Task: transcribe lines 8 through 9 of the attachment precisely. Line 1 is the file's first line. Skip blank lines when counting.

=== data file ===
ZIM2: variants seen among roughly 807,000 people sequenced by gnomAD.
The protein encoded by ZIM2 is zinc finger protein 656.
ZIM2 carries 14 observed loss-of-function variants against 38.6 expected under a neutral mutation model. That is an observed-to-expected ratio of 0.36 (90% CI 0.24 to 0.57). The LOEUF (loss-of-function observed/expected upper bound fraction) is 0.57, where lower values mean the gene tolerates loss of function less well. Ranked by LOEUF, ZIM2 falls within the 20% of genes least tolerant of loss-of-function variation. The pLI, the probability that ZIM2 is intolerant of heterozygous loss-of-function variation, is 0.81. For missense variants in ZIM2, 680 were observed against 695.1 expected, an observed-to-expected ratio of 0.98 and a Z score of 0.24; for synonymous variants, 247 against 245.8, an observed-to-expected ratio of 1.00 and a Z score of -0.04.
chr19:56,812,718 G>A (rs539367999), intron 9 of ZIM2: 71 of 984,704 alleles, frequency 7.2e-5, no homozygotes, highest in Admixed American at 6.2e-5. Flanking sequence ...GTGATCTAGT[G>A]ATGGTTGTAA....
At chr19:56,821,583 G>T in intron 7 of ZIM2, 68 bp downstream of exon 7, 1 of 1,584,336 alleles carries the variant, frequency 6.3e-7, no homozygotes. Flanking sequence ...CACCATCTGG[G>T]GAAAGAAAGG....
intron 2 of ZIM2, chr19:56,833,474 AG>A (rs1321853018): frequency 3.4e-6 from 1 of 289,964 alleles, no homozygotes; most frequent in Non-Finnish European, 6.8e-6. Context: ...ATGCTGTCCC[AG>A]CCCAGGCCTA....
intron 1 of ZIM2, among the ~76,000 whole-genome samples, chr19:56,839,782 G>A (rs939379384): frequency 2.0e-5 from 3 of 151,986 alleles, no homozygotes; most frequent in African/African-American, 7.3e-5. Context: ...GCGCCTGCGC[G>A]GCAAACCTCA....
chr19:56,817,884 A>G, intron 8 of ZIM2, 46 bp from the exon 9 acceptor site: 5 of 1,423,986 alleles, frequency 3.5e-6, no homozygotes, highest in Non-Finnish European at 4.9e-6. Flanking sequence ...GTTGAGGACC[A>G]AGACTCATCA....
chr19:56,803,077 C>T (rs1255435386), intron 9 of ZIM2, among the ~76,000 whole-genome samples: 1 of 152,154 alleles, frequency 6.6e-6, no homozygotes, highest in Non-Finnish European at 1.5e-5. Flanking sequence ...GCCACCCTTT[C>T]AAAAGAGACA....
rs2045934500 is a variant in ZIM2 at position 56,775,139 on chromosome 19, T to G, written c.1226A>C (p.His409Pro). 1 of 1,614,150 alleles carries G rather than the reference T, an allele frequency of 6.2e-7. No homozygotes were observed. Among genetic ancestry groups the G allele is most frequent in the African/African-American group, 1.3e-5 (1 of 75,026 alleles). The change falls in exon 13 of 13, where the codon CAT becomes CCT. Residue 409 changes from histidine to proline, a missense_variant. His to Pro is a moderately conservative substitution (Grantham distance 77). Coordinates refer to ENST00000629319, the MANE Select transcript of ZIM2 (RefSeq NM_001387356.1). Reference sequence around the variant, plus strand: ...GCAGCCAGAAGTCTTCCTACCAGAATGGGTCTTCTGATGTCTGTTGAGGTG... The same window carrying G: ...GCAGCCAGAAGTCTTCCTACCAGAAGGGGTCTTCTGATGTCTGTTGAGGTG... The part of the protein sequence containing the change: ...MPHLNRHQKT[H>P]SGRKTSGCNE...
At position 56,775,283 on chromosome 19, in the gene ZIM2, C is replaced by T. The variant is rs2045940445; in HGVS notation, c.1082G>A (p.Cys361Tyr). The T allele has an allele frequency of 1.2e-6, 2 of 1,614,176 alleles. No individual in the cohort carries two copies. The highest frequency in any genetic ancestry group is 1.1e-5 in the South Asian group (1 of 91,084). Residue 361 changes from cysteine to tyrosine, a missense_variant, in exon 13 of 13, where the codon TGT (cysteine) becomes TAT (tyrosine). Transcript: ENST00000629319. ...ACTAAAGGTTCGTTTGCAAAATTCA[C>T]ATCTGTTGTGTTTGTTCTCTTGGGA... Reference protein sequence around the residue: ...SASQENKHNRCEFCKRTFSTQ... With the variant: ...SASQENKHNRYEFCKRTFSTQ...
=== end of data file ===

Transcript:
chr19:56,817,884 A>G, intron 8 of ZIM2, 46 bp from the exon 9 acceptor site: 5 of 1,423,986 alleles, frequency 3.5e-6, no homozygotes, highest in Non-Finnish European at 4.9e-6. Flanking sequence ...GTTGAGGACC[A>G]AGACTCATCA....
chr19:56,803,077 C>T (rs1255435386), intron 9 of ZIM2, among the ~76,000 whole-genome samples: 1 of 152,154 alleles, frequency 6.6e-6, no homozygotes, highest in Non-Finnish European at 1.5e-5. Flanking sequence ...GCCACCCTTT[C>T]AAAAGAGACA....